Multiply this by 16 and the pension entitlement is valued by the taxman at £704,000. Adjusting for 2% inflation increases this to £718,080.

At the end of year, the accrued pension is £84,000 x 34/60, or £47,560. Multiply this by 16 and the pension entitlement is valued at £761,600.

So the value of the accrued pension entitlement has risen by £43,520, which is more than the forthcoming £40,000 annual allowance.

You only have one annual allowance to share across schemes if you are in more than one scheme during the year.

What happens next?

If you think you might breach the annual allowance, you should look at whether you used up the full allowance in each of the three previous years.

Unused allowances can be "carried forward" and used to mop up this year's excess savings and avoid a penalty tax charge.

Any remaining surplus will however be taxed at your highest rate.

For example, if a 45% taxpayer saves £6,000 too much, they will have to pay £2,700.

If faced with a charge above £2,000, you will probably be able to instruct your pension scheme to pay it for you and deduct the money from your benefits.

How does the lifetime allowance work?

With defined contribution pensions, the size of the pot is measured against the lifetime allowance at the point of retirement.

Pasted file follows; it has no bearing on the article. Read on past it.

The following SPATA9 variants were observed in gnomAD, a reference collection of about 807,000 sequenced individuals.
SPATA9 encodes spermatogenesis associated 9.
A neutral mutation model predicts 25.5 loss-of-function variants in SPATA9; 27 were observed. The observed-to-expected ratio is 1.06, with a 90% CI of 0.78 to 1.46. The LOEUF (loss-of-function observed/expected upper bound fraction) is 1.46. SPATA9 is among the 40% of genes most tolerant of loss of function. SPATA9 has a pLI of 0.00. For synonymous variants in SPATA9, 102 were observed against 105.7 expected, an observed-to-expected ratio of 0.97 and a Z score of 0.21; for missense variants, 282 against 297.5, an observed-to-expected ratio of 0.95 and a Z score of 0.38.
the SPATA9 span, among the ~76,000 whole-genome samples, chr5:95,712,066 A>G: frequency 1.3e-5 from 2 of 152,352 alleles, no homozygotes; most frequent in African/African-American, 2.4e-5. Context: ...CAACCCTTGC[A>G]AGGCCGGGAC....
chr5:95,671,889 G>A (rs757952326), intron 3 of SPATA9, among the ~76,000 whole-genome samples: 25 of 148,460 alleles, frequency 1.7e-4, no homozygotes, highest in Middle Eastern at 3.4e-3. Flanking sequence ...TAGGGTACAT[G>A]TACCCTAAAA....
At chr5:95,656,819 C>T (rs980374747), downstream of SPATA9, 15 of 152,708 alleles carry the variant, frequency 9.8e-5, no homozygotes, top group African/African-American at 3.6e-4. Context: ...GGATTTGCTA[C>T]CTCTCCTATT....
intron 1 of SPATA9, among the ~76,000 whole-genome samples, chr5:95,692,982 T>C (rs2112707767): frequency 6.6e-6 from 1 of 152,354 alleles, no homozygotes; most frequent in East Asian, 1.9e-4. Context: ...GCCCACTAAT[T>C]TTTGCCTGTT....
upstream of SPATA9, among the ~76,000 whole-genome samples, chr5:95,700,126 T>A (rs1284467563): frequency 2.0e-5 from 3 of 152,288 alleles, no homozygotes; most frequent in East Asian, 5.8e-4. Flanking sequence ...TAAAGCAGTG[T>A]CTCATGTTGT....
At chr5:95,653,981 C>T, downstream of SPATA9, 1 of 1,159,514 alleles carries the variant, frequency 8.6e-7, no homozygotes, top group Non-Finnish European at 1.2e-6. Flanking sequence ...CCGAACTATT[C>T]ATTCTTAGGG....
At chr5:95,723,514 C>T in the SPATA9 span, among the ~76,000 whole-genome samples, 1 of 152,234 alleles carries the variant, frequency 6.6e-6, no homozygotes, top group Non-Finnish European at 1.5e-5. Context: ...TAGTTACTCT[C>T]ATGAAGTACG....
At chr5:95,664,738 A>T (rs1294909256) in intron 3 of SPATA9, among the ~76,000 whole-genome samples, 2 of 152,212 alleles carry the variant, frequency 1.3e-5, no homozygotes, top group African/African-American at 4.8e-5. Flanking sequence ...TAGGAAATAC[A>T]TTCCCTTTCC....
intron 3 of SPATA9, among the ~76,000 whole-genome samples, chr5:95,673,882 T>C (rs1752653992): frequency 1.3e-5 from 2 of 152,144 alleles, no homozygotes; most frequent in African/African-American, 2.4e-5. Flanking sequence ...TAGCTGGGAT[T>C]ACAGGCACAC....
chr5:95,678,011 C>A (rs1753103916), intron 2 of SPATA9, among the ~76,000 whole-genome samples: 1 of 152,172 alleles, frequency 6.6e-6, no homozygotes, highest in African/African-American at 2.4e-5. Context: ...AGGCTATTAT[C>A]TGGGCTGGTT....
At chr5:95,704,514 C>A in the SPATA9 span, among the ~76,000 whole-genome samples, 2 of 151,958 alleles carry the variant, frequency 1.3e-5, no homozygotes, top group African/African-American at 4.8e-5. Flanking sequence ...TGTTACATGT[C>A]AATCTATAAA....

With defined benefit pensions (typically final-salary schemes), any lump sum you take is measured at face value and the remaining annual pension multiplied by 20.

What this means is that the maximum defined benefit pension that can be accommodated within a £1.25m lifetime allowance is £62,500, or less if you also want a lump sum.

Pensions are only measured against the lifetime allowance at the time they come into payment.

Once the whole lifetime allowance has been used up, a penalty is levied on the remaining benefits when brought into payment.

You can either take the excess as a capital sum and pay 55% of it to HMRC, or hand over 25% and convert the remaining sum into a taxable income.

What if I have already saved too much?